Jonathan Mingle in Slate:
Sixty years ago, David Lilienthal published an article in Collier's Weekly that would prove uncannily prescient. Lilienthal, former chairman of the Tennessee Valley Authority and the U.S. Atomic Energy Commission, had just returned from a visit to India and Pakistan and described two fledgling nations on the verge of another war over Kashmir. He made an unlikely suggestion to defuse tensions: The rivals should agree to manage jointly the Indus River and its main tributaries, some of which flowed through the contested region. Water, he claimed, was a hidden driver of South Asia's most dangerous territorial dispute and might also be the key to resolving it. While Lilienthal's vision was never fully realized, his article helped sow the seeds of the Indus Waters Treaty, now widely hailed as one of the most successful international water-sharing agreements.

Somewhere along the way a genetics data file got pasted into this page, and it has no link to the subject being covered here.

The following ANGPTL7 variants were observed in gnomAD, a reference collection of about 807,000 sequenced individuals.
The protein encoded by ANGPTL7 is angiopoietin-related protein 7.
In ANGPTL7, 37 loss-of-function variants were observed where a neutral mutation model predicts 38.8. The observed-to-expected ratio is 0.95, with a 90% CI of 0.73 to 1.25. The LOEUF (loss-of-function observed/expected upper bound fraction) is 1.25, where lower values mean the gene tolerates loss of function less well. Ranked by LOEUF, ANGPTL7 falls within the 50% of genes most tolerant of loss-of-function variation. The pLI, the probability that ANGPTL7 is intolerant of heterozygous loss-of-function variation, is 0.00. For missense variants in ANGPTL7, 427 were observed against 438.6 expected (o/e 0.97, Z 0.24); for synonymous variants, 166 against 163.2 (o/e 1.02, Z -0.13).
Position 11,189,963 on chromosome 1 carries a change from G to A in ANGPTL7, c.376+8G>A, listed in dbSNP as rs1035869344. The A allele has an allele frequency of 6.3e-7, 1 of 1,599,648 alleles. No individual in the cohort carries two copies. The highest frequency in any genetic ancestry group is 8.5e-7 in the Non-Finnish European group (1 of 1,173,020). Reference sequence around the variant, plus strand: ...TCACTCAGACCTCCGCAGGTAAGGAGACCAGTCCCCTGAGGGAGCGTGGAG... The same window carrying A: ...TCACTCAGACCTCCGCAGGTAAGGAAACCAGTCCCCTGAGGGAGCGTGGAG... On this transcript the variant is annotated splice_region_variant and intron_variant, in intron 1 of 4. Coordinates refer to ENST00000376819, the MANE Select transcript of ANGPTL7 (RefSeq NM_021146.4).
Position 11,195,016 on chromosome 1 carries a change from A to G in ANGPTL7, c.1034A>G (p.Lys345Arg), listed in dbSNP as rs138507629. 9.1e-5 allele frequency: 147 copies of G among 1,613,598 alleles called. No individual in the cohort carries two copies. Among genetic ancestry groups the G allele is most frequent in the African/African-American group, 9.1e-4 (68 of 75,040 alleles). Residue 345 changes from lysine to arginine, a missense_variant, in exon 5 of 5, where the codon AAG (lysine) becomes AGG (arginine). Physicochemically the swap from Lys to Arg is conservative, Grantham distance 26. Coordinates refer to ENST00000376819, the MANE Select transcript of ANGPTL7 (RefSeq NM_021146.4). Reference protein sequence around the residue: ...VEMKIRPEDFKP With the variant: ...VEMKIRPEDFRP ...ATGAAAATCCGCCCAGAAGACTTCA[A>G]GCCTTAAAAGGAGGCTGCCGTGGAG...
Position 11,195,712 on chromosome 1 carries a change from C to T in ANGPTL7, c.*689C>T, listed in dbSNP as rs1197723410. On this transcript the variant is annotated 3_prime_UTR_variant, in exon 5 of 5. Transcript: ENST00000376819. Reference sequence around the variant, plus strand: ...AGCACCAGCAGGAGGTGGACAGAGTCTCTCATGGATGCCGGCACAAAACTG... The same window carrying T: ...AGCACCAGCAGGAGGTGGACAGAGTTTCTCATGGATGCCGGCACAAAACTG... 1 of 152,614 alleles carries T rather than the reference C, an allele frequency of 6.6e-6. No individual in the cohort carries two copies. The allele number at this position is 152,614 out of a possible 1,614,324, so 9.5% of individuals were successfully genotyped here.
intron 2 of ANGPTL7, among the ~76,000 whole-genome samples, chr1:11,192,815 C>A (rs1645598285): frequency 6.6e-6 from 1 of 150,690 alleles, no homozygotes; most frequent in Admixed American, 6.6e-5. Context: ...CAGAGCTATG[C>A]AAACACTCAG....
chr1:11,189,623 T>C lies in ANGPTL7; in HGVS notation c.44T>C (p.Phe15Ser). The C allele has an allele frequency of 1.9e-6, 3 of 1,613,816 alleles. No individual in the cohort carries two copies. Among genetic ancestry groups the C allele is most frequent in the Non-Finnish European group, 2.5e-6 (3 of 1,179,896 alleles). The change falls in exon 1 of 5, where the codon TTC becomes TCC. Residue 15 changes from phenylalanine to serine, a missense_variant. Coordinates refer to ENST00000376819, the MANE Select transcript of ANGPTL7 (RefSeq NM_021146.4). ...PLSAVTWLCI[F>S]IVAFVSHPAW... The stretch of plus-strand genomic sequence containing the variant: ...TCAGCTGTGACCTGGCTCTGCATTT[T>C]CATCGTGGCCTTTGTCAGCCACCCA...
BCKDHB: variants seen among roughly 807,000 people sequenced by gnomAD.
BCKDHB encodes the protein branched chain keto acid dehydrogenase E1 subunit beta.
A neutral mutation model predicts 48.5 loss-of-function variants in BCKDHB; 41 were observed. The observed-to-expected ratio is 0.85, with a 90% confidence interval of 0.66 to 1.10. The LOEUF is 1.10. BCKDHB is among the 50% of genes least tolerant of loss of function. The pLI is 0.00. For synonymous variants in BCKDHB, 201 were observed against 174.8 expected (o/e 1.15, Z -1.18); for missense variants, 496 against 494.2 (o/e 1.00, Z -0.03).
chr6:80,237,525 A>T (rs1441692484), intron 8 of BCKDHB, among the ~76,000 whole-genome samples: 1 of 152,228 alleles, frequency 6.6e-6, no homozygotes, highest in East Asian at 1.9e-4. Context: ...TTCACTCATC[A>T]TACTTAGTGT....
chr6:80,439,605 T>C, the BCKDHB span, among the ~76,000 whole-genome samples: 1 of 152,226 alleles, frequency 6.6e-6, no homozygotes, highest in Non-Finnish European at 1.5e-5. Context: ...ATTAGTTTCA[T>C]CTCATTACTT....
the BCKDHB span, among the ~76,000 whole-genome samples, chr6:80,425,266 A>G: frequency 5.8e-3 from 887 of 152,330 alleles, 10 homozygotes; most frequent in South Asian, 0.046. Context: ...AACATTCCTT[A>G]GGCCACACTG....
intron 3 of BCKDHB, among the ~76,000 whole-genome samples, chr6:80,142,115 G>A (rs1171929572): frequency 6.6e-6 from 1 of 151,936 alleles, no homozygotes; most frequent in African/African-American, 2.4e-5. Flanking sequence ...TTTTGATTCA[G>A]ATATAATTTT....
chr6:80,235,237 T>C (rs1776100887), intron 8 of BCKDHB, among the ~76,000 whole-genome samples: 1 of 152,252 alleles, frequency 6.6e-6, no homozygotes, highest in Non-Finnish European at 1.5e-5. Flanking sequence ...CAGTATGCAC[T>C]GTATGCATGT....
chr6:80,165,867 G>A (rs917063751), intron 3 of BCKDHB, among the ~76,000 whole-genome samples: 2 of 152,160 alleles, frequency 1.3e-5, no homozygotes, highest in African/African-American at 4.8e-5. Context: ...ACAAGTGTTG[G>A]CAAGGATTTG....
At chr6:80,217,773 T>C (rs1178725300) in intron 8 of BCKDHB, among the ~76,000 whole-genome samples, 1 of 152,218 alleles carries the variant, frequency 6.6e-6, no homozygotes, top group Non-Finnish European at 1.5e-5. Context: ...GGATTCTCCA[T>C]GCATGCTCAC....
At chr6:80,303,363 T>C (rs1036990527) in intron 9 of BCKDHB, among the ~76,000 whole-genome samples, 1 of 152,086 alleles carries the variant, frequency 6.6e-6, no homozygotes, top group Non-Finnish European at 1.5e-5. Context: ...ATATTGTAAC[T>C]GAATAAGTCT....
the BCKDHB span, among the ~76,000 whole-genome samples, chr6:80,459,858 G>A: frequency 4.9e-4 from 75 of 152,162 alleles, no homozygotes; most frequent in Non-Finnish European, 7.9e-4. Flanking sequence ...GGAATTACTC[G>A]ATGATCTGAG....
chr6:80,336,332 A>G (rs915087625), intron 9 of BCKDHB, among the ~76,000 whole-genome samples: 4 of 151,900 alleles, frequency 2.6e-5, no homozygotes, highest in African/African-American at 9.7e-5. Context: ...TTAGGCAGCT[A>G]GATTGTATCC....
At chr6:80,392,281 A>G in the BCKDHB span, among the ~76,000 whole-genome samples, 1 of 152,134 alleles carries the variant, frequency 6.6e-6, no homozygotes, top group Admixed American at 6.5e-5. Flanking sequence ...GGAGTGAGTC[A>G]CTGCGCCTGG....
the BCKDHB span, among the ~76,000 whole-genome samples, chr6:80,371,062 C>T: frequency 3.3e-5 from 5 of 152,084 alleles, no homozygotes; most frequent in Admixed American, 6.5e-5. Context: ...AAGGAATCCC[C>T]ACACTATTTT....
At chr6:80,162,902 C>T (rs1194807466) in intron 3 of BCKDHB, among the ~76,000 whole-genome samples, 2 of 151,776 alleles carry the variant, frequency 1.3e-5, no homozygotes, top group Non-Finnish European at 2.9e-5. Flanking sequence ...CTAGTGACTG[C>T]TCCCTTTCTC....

Lilienthal recognized a truth that remains little discussed but as relevant as ever: The struggle for Kashmir was motivated in large part by Pakistan's desperation to control the rivers that flowed through the region. “The starting point should be … to set to rest Pakistan's fears of deprivation and a return to desert,” he wrote. The treaty would defuse these tensions at a critical point in the young nations' relations, by clearly spelling out how much water each was entitled to use from the rivers that crossed the western border. India and Pakistan signed the IWT in 1960, after protracted negotiations facilitated by the World Bank. Before the partition of British India in 1947, each province had jurisdiction to build dams and other infrastructure for electricity and irrigation on the portions of the rivers that flowed through their land; after partition, a series of patchwork agreements left several key issues, such as whether and how much Pakistan should pay India for water and canal maintenance costs, unresolved. The IWT gave “unrestricted use” of the basin's three western rivers (the Indus, the Jhelum, and the Chenab) to Pakistan and the three eastern rivers (the Ravi, the Beas, and the Sutlej) to India. Today, the treaty governs the use of roughly 55 trillion gallons of water per year, which sustains more than 210 million people in the basin.